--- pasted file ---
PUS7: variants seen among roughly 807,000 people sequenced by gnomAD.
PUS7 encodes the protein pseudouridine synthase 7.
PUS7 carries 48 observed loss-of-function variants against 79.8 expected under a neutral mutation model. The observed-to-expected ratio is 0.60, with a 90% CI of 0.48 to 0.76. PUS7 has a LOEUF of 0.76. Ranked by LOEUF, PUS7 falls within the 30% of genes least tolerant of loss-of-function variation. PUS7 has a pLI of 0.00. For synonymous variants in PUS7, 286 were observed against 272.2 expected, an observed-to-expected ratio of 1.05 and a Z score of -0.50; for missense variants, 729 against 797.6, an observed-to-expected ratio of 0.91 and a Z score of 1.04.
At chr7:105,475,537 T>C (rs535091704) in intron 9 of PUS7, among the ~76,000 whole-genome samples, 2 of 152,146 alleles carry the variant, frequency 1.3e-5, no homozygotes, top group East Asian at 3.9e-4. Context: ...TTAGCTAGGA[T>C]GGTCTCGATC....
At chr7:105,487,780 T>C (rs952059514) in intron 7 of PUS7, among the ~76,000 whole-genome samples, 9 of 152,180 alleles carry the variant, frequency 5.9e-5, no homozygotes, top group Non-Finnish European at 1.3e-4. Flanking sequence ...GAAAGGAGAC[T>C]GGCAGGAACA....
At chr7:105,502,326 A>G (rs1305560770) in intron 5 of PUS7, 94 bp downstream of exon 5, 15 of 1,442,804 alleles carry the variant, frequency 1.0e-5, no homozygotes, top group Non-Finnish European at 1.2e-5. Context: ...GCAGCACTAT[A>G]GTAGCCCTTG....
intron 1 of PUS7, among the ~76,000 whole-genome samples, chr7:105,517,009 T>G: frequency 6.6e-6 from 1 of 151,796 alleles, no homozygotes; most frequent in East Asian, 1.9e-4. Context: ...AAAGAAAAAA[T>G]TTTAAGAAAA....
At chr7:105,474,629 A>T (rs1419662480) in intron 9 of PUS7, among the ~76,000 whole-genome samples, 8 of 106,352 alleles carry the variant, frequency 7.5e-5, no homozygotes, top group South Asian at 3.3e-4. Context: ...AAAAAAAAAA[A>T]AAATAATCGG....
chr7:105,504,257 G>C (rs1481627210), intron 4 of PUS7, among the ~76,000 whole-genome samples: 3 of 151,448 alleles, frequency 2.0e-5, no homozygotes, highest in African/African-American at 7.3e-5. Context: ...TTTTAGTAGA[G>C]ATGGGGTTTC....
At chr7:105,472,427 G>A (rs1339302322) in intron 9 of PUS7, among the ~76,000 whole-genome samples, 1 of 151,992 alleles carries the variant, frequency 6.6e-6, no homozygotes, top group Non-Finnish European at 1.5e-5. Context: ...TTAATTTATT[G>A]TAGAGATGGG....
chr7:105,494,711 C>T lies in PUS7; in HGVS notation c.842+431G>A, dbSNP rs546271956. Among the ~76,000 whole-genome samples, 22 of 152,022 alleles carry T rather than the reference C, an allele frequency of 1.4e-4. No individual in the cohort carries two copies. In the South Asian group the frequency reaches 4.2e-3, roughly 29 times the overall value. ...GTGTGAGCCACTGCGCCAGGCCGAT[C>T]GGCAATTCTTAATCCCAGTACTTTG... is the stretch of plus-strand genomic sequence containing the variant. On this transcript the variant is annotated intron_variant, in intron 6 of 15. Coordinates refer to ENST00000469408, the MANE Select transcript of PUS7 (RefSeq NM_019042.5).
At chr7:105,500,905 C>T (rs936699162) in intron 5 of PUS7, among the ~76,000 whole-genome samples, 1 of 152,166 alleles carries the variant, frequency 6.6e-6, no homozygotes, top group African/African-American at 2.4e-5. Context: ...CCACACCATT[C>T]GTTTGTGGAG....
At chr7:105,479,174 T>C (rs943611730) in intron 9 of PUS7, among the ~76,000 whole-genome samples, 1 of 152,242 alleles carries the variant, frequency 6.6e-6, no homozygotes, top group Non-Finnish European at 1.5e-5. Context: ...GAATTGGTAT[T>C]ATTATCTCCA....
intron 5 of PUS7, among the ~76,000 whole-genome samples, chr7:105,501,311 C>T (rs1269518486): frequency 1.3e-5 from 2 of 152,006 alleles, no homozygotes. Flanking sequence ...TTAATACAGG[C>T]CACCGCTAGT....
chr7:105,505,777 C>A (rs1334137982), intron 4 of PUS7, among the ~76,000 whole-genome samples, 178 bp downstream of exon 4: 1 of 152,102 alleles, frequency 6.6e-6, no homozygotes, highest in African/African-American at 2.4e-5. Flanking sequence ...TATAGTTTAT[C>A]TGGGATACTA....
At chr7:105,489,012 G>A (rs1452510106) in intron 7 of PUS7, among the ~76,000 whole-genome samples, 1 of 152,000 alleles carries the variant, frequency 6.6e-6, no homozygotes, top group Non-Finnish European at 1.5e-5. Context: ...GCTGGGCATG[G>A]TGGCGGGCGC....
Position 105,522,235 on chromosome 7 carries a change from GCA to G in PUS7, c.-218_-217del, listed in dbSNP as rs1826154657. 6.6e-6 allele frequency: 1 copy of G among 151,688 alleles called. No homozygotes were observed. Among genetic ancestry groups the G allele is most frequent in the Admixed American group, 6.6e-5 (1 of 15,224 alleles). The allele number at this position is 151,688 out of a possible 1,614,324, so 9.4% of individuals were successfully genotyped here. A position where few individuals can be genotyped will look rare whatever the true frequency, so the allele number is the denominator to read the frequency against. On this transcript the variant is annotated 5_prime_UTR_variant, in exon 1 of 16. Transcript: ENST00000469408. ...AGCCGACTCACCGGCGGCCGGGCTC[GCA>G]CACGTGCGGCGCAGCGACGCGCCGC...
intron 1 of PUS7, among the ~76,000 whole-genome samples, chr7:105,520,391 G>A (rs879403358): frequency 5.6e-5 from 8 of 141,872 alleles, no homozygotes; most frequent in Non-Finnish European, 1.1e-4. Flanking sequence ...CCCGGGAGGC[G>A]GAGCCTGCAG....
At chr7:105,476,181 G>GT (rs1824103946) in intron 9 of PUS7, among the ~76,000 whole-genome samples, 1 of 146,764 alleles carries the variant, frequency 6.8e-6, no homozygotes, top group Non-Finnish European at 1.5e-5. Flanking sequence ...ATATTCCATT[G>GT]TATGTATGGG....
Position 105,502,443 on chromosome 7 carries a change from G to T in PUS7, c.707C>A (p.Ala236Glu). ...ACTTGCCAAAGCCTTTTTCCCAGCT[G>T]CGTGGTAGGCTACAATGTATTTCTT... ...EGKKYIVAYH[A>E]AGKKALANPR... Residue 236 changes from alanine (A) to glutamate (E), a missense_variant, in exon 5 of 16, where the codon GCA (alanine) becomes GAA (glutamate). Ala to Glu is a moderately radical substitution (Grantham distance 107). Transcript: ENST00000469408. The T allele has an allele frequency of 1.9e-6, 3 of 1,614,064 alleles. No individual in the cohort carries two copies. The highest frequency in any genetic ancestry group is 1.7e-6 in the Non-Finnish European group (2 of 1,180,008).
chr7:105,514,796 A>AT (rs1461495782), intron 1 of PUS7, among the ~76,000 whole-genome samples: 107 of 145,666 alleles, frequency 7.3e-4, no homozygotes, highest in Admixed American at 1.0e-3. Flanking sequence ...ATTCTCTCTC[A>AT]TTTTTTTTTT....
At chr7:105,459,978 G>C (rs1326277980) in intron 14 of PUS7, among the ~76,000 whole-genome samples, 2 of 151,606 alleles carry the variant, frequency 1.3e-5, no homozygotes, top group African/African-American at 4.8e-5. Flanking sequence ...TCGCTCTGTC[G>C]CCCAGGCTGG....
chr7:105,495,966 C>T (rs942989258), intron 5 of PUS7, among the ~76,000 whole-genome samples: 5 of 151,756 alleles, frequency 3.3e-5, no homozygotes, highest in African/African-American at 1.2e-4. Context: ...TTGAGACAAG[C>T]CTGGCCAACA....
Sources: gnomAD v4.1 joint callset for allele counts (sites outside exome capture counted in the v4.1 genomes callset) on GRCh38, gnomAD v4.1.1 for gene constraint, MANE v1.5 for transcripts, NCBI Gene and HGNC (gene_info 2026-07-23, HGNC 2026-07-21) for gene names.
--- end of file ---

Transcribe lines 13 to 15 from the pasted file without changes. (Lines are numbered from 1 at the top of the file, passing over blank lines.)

At chr7:105,479,174 T>C (rs943611730) in intron 9 of PUS7, among the ~76,000 whole-genome samples, 1 of 152,242 alleles carries the variant, frequency 6.6e-6, no homozygotes, top group Non-Finnish European at 1.5e-5. Context: ...GAATTGGTAT[T>C]ATTATCTCCA....
intron 5 of PUS7, among the ~76,000 whole-genome samples, chr7:105,501,311 C>T (rs1269518486): frequency 1.3e-5 from 2 of 152,006 alleles, no homozygotes. Flanking sequence ...TTAATACAGG[C>T]CACCGCTAGT....
chr7:105,505,777 C>A (rs1334137982), intron 4 of PUS7, among the ~76,000 whole-genome samples, 178 bp downstream of exon 4: 1 of 152,102 alleles, frequency 6.6e-6, no homozygotes, highest in African/African-American at 2.4e-5. Flanking sequence ...TATAGTTTAT[C>A]TGGGATACTA....